A home farewell for Vince Dooley

Vince Dooley

ATHENS - Vince Dooley will walk into Sanford Stadium Saturday thinking about exactly the same thing he was thinking about before the first home game of 1964 - the opponent.

That day 39 years ago was Vince Dooley's first official act in the building as he coached Georgia to a 19-7 win over Clemson.

"All I thought about was Clemson," he said. "That was all that was on my mind that day."

Today's 12:30 p.m. Southeastern Conference game against Kentucky will be Dooley's last game in the stadium as athletic director, and he insists the same thing is true.

"I absolutely have not (thought about it being my last game), but I have been reminded of that so much that I'm going to have to start thinking about it I guess," he said. "The game is more important, much more important."

Some people would argue that.

Dooley's impending departure - his contract will run out on June 30, 2004 - has been a source of rancor among Georgia fans since UGA president Michael Adams decided in June not to extend Dooley's contract. Some fans are planning to wear black to today's game in mourning of Dooley's finale.

Dooley will remain on the university payroll until at least 2005, serving as a consultant, and he tried to focus on that this week when asked about the occasion.

"I mean I'm coming back here, in a different capacity, obviously, but I'm coming back," he said.

Almost every opposing SEC school on Georgia's schedule this season has done something during the game to honor Dooley's last game against their team, but Dooley vetoed a similar tribute today.

"(The other schools) were nice to ask me, and it would have been not nice to say no, but I can control it here," he said. "I'm still the athletic director, and I said no."

Said Georgia defensive coordinator Rodney Garner: "It's hard to believe they won't do something anyway. I'm sure they probably will."

Garner, who is the football coach with the most time at Georgia, praised Dooley this week for his hands-off approach to the football program.

"You hear war stories (at other schools)," Garner said, "but he is not a guy who butts in. He's very supportive. If you want advice, you have to ask him for it."

Dooley has plenty of experience on which to draw. He won 201 games in 25 seasons as the Bulldogs' coach, including 112 in Sanford Stadium.

"There has to be a flood of emotions and memories," Georgia head coach Mark Richt said. "Gosh, I don't know, it just doesn't seem right."

Georgia quarterback David Greene, who was born the year Dooley won his final SEC Championship (1982), said the Bulldogs would love to send Dooley off with one final victory.

"This is the guy who's really built this," Greene said. "He's meant so much to Georgia for so many years. We'd like to send him out on a good note."

According to Dooley, Georgia's players shouldn't give the occasion a second thought. He won't, he said.

"I won't even think about it, I'll do what comes naturally," he said. "I'll go to the locker room after the game, hopefully to congratulate Coach Richt, but I'll be there either way."

Sanford Stadium held 43,621 fans the first day Dooley coached there and only that many because an expansion of 7,621 had just been completed. Today, he will sit in his suite beside the press box and look at a facility that holds 92,058 thanks to six expansions he has overseen since that time.

"It's a very special point of pride to me," he said. "It's a magnificent place. I think each time we've added to the stadium has been a good feeling. I can't imagine any place better. I really can't." THE HIGHLIGHTS Five of Dooley's greatest days in Sanford Stadium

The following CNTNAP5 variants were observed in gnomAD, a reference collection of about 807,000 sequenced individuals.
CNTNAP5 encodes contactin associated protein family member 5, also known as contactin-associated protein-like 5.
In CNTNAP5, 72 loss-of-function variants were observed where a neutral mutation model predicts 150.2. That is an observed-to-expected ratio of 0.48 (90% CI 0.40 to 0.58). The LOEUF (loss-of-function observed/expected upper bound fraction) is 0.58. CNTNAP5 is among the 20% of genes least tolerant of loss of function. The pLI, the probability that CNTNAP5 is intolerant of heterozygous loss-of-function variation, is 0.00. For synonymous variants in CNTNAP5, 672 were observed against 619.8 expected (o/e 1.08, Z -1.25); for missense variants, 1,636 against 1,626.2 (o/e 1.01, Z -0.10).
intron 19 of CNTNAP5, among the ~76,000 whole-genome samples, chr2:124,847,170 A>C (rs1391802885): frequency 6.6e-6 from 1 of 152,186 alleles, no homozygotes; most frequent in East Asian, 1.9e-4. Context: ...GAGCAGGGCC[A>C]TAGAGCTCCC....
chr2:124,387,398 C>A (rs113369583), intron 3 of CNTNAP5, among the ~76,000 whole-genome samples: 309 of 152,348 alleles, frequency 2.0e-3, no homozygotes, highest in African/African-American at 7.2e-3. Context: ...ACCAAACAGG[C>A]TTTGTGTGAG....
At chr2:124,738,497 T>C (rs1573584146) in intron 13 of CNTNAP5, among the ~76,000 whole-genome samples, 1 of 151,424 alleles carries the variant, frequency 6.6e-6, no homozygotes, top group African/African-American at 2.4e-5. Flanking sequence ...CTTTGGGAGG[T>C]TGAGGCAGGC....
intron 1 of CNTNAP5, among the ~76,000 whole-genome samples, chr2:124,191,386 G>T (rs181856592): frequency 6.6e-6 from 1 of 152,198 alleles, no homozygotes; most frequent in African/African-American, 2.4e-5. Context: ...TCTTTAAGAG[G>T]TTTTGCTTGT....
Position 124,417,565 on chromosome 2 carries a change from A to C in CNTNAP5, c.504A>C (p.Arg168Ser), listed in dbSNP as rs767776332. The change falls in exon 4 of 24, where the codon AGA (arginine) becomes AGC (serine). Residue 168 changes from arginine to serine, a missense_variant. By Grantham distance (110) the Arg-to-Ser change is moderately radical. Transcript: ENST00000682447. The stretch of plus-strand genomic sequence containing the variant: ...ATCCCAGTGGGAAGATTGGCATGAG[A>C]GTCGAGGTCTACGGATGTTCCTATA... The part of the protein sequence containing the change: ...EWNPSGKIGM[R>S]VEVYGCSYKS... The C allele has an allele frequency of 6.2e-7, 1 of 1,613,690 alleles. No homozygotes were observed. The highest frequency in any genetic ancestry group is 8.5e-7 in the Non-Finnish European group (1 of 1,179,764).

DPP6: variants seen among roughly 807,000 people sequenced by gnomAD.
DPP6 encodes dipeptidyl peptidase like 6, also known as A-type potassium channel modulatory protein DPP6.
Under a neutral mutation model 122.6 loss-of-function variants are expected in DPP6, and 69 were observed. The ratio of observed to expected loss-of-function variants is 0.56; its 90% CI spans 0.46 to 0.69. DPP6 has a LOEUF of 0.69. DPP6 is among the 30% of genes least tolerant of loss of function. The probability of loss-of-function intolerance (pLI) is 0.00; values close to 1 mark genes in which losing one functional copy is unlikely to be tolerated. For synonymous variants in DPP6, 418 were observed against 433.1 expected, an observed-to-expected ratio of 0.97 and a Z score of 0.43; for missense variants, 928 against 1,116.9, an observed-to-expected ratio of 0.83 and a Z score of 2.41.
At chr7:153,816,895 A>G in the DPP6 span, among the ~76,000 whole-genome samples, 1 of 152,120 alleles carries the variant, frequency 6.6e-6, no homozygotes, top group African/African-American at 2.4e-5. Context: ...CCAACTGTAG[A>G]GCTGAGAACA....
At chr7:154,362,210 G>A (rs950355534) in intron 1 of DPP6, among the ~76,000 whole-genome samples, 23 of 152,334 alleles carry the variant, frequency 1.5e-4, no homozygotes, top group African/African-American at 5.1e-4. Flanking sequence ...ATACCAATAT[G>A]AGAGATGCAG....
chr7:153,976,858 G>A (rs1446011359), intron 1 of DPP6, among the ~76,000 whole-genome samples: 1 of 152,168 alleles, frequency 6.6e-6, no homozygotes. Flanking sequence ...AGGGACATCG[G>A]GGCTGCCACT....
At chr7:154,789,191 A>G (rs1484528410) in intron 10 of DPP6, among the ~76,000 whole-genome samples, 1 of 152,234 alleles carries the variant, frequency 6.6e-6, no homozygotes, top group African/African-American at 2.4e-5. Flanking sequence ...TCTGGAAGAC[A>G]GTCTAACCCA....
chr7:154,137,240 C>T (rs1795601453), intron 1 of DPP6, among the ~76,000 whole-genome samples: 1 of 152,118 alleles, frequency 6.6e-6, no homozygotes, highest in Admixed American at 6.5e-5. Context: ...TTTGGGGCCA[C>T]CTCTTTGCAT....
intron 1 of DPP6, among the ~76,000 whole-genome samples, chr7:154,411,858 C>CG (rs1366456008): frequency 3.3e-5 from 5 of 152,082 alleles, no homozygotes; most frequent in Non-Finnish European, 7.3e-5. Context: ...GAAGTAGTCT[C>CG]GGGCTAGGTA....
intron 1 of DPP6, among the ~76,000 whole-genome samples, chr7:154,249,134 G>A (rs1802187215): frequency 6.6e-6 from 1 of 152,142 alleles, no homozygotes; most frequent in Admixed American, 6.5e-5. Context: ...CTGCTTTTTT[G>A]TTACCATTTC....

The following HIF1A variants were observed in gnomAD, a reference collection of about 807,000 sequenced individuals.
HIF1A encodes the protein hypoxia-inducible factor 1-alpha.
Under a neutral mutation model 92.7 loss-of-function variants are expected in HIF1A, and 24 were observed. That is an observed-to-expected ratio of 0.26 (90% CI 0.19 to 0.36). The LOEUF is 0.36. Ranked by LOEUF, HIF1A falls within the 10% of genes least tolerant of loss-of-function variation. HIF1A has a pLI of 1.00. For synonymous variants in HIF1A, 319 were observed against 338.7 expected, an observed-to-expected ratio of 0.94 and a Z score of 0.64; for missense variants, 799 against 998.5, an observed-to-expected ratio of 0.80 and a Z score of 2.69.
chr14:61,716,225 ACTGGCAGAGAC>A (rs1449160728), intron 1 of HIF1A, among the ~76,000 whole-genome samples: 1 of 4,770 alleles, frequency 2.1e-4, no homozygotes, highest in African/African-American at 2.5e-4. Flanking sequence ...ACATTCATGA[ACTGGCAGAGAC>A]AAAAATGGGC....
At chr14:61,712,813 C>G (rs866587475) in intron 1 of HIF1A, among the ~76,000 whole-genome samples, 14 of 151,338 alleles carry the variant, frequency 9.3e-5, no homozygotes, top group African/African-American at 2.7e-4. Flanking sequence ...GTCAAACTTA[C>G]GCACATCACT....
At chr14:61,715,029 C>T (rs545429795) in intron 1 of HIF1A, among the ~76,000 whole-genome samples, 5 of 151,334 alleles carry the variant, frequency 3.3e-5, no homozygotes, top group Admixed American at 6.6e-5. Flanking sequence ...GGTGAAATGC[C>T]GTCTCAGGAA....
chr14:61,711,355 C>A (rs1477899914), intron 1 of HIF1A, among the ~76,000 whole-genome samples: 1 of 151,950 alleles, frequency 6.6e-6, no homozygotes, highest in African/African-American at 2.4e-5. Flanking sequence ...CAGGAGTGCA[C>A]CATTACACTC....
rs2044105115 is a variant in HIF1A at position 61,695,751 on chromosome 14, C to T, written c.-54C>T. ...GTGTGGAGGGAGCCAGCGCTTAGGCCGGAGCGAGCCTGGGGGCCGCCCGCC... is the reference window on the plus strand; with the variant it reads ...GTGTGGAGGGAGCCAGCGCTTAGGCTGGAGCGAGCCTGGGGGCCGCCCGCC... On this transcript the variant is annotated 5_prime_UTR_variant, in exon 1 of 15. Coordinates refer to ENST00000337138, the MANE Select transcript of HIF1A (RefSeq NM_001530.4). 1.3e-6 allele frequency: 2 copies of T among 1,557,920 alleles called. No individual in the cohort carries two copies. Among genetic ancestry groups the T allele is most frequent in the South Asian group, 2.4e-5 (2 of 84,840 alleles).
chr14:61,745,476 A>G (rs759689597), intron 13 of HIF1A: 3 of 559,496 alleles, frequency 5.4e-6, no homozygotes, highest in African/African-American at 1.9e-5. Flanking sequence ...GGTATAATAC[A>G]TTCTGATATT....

Nov. 28, 1964, Georgia 7, Georgia Tech 0: Dooley snapped a three-game losing streak against the Jackets, who at the time led the overall series 27-26. When Dooley retired, Georgia led the series 45-33.

Sept. 18, 1965, Georgia 18, Alabama 17: The Bulldogs beat an Alabama team that was coming off an 8-0 SEC Championship season in the season-opener. It was the only league game the Tide lost on the way to another conference crown.

Oct. 8, 1966, Georgia 9, Ole Miss 3: Dooley wins his first matchup against Ole Miss coach John Vaught and goes on to his first SEC Championship. The Bulldogs were 6-0 in the league that year, tying 6-0 Alabama for the crown.

Oct. 2, 1976, Georgia 21, Alabama 0: The tracks that at the time overlooked the stadium were packed to watch Georgia hand Alabama its first conference loss since 1972. "It was a tremendous celebration," Dooley said. It was one of only two SEC games Alabama lost from 1973-1979.

Sept. 20, 1980, Georgia 20, Clemson 16: The Bulldogs avenged a loss from a year earlier on the way to an undefeated season and the national title. Dooley's six SEC title teams never lost a game in Sanford Stadium.

THE LOWLIGHTS

Five of Dooley's worst days in Sanford Stadium

Nov. 30, 1974, Georgia Tech 34, Georgia 14: "Rain that turned into sheets of ice that turned into hail that turned into a blizzard. Plus we were getting the heck beat out of us," Dooley said. "That's as bad as it gets."

Oct. 22, 1977, Kentucky 33, Georgia 0: The Wildcats march through Athens on the way to a 6-0 conference record. England's Prince Charles watches the game from the stadium.

Nov. 3, 1979, Virginia 31, Georgia 0: Dogs get blown out in first meeting of teams in 72 years. Dooley finally gets chance to avenge loss in next-to-last season, winning 30-22 in 1987 in Athens.

Dec. 1, 1984, Georgia Tech 35, Georgia 18: Georgia whipped by Jackets team that won just six games that year. It was one of Dooley's three home losses to Georgia Tech.

Nov. 14, 1987, Auburn 27, Georgia 11: The Tigers, then the dominant team in the league, leave a bitter taste in Dooley's final home game against his former school. Dooley was 1-5 in his last six against Auburn.

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